As far as total assets targeted for possible long term care (e.g. self-insure)? For each person/family, it would depend on their specific situation so I would not put a specific dollar amount on assets to say if you should/should not get LTC. Those who have strong support from family/friends to keep them in their home and those affected that don't need a hospital setting (i.e. they can get support from a visiting nurse organization) could get by with less, IMHO.

Those that are "on their own" without that support would probably go to a nursing home/skilled nursing facility earlier - which would certainly cost more.
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Old 03-28-2011, 09:55 AM   #49
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How does one ascertain the reserves needed to self-insure for LTC?

If you have done the calculations, please share the main points or, if possible, your spreadsheet.

I definitely fall into the no-plan-for-LTC category & have learned a lot reading LTC related threads on this forum.
If I'm thinking of buying the typical 3 year maximum benefit policy, then it seems the simple calculation is (daily benefit) x 3 x 365. For a $200 daily benefit, that's $219,000.

I need to think about inflation in LTC costs, so if I set up a $219k fund today I also need to keep the investment earnings inside the fund to offset the increasing cost. A typical "inflation" provision in LTC insurance just increases the max benefits by 5% per year. So if your fund can earn a nominal 5% you can stay even. Of course nobody knows how fast real costs will increase.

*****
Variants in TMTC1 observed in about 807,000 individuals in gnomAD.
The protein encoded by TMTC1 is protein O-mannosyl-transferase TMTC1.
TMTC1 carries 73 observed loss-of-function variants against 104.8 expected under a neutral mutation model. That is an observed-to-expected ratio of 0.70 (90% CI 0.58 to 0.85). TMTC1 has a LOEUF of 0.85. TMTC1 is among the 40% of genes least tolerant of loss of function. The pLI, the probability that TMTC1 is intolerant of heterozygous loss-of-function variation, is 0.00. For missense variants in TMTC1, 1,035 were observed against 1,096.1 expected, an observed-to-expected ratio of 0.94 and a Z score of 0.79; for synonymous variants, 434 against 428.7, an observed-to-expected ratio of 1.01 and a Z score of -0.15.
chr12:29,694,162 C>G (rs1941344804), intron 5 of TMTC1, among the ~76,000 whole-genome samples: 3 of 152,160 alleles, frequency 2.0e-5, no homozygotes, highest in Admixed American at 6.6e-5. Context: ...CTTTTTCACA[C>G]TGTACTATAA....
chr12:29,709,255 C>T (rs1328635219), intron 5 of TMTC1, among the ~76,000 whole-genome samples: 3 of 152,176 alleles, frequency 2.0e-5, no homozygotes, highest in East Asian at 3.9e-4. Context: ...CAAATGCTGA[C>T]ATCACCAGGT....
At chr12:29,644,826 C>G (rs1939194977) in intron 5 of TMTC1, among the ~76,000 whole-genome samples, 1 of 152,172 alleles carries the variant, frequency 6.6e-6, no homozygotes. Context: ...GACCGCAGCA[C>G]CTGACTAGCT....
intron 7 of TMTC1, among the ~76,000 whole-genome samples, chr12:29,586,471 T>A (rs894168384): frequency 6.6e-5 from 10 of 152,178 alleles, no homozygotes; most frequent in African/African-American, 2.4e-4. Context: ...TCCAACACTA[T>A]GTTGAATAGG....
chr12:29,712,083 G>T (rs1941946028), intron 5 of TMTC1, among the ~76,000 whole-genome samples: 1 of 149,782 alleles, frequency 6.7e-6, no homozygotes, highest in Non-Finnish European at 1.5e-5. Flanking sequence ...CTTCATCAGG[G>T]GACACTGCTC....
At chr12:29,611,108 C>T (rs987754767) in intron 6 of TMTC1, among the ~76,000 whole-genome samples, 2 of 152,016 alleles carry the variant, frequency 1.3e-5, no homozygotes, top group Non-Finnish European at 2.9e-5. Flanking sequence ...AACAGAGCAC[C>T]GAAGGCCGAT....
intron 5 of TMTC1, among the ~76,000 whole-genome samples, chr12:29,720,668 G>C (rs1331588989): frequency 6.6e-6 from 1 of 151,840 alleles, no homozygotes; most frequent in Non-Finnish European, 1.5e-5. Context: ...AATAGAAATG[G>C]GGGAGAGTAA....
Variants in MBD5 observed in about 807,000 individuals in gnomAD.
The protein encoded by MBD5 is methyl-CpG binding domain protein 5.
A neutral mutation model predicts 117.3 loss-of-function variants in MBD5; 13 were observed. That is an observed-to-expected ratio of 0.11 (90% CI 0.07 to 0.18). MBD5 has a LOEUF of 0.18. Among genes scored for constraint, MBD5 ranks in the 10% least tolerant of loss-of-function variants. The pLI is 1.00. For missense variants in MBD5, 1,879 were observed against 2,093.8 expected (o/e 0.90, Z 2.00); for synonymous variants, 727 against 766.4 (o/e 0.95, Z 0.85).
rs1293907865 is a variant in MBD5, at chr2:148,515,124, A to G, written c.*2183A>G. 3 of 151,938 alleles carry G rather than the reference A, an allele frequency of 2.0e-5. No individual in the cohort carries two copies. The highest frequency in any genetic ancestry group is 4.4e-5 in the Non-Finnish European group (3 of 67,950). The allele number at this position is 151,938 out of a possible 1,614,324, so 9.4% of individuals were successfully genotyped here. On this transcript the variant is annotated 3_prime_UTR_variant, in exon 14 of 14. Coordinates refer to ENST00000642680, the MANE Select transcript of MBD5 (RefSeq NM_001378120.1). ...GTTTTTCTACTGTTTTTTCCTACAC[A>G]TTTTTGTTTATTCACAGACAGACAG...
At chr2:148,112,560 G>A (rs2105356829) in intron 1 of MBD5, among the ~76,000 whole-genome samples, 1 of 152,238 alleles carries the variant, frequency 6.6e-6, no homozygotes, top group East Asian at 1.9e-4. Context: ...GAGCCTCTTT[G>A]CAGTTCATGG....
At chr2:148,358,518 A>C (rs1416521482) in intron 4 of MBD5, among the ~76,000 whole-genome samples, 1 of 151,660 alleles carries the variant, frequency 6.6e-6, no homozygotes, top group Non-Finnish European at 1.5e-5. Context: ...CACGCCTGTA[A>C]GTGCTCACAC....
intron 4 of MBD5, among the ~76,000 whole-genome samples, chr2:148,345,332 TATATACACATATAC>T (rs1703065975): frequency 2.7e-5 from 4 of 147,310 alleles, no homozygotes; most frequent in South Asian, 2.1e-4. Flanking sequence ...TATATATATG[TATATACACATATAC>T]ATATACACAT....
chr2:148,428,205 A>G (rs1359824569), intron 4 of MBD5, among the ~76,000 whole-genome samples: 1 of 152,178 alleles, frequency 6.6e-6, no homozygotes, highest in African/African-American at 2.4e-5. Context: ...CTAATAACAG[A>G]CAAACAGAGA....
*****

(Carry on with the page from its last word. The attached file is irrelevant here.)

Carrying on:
If I'm single and own a $219k house, I could assume that I'll sell the house to pay for my LTC needs. That seems kind of logical as the biggest LTC costs are generally incurred when people are living in facilities, not at home.

I do this math and figure that I can self-insure the first 3 years of LTC needs. However, that still leaves the risk of a very long disability. Like Sam, what I really want is the policy with the 3 year waiting period and no cap (a lifetime benefit). But such policies aren't available. Last I checked, the premium rates for lifetime benefits with typical waiting periods were going up much faster than the premium rates for limited periods. Insurance companies are just like me, they don't want the open-ended risk.
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Old 03-28-2011, 10:04 AM   #50
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Without a personal, trusted adviser to review your entire situation (including financial, lifestyle, and personal goals), there are some calculators available. How good are they? I have no idea. But since you asked the question: